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Reel Injun: Evolution of Cinema’s Depiction of Native People

Cree filmmaker Neil Diamond takes an entertaining and insightful look at the Hollywood Indian, exploring the portrayal of North American Natives through a century of cinema. Please help us get the word out on this great documentary about how Native Americans have historically been portrayed in film!
REEL INJUN will play at the Hollywood on November 19-21 and 26-28. Visit our website at
www.filmaction.org or call 503-281-4215 for showtimes,

raveling through the heartland of America, and into the Canadian North, Diamond looks at
how the myth of "the Injun" has influenced the world's understanding - and
misunderstanding - of Natives. Reel Injun traces the evolution of cinema's depiction of Native people from the silent film era to today, with clips from hundreds of classic and recent Hollywood movies, and candid interviews with celebrated Native and non-Native film celebrities, activists, film critics and historians.

Diamond meets with Clint Eastwood (A Fistful of Dollars, Unforgiven) at his studios in Burbank, California, where the film legend discusses the evolution of the image of Indians in Westerns and what cowboy-and-Indian myths mean to America. Reel Injun also hears from legendary Native American activists John Trudell, Russell Means and Sacheen Littlefeather.


Celebrities featured in Reel Injun include Robbie Robertson, the half-Jewish, half-Mohawk musician and soundtrack composer (Raging Bull, Casino), Cherokee actor Wes Studi (Last of the Mohicans, Geronimo), filmmakers Jim Jarmusch (Dead Man) and Chris Eyre (Smoke Signals) and acclaimed
Native actors Graham Greene (Dances with Wolves, Thunderheart) and Adam Beach (Smoke Signals, Clint Eastwood's Flags of our Fathers). Diamond also travels North to the remote Nunavut town of Igloolik (population: 1500) to interview Zacharias Kunuk, director of the Caméra d'Or-winning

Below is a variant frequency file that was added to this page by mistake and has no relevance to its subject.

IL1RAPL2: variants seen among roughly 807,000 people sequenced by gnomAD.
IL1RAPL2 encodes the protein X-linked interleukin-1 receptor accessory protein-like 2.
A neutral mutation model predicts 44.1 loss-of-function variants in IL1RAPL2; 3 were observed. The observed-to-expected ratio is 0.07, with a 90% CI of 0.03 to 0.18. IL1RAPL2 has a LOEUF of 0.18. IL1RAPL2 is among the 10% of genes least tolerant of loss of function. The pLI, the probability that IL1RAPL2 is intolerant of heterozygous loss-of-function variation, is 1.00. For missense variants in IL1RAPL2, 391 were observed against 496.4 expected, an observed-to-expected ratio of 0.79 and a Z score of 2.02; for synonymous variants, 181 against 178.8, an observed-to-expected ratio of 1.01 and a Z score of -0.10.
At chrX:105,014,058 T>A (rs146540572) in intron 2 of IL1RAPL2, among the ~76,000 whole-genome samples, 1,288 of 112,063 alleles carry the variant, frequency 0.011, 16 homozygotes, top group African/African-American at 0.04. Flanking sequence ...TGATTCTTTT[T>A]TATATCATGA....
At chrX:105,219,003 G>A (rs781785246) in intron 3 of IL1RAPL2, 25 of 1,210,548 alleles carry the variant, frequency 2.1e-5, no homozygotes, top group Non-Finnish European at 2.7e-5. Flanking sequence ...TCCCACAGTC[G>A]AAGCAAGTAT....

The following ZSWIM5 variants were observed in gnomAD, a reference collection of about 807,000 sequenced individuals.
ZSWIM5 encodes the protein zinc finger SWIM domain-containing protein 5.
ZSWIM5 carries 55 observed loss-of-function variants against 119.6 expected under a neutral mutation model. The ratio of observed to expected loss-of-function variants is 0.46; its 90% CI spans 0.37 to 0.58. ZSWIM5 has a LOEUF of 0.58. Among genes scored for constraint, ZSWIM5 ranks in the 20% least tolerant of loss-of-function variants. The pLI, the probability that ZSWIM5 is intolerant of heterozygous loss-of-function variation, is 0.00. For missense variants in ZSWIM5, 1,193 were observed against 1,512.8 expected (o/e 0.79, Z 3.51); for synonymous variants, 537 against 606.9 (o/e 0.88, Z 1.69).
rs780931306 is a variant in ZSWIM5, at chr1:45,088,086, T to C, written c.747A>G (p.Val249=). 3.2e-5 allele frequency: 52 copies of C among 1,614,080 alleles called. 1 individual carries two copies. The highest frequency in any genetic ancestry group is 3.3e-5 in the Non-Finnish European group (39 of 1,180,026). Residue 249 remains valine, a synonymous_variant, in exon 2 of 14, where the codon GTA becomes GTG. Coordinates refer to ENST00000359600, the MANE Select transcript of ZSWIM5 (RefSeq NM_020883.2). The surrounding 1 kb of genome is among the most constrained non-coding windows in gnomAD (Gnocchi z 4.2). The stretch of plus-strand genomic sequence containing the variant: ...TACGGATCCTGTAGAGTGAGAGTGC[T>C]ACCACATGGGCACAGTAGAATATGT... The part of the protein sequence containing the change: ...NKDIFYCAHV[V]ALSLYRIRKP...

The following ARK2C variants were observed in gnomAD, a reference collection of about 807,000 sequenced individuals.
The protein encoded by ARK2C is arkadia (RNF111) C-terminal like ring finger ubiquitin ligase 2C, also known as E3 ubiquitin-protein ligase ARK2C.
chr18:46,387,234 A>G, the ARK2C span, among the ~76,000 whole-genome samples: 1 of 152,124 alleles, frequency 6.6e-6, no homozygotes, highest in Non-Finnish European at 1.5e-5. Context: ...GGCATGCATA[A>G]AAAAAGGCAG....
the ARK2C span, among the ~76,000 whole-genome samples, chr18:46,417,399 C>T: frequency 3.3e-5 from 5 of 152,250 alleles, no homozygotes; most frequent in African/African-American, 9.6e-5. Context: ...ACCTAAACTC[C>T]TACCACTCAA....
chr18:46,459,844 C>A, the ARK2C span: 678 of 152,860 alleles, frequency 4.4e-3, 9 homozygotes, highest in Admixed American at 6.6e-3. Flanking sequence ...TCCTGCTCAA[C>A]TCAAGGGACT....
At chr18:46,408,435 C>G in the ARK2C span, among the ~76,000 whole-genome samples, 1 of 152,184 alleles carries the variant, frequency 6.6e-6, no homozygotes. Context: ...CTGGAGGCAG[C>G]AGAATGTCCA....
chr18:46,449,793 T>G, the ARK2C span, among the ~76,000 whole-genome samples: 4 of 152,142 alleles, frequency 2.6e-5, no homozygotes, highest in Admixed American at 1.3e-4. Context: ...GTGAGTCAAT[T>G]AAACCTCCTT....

Atanarjuat The Fast Runner.

Reel Injun's humour and star power is balanced with insightful commentary from film critics and historians, including CBC film critic Jesse Wente, author and scholar of American Indian
Studies Angela Aleiss, and associate professor of ethnic studies at Mills College, California, Melinda Micco.

In Reel Injun, Diamond takes the audience on a journey across America to some of cinema's most iconic landscapes, including Monument Valley, the setting for Hollywood's greatest Westerns, and the Black Hills of South Dakota, home to Crazy Horse and countless movie legends. Was Crazy Horse the inspiration for the mystical warrior stereotype? In search of answers, we meet his descendants on the desperately poor Pine Ridge Indian reservation in South Dakota.

REEL INJUN will play at the Hollywood on November 19-21 and 26-28. Visit our website at
www.filmaction.org or call 503-281-4215 for showtimes.

The Hollywood Theatre is located at 4122 NE Sandy Blvd. in Portland.

homepage: homepage: http://www.filmaction.org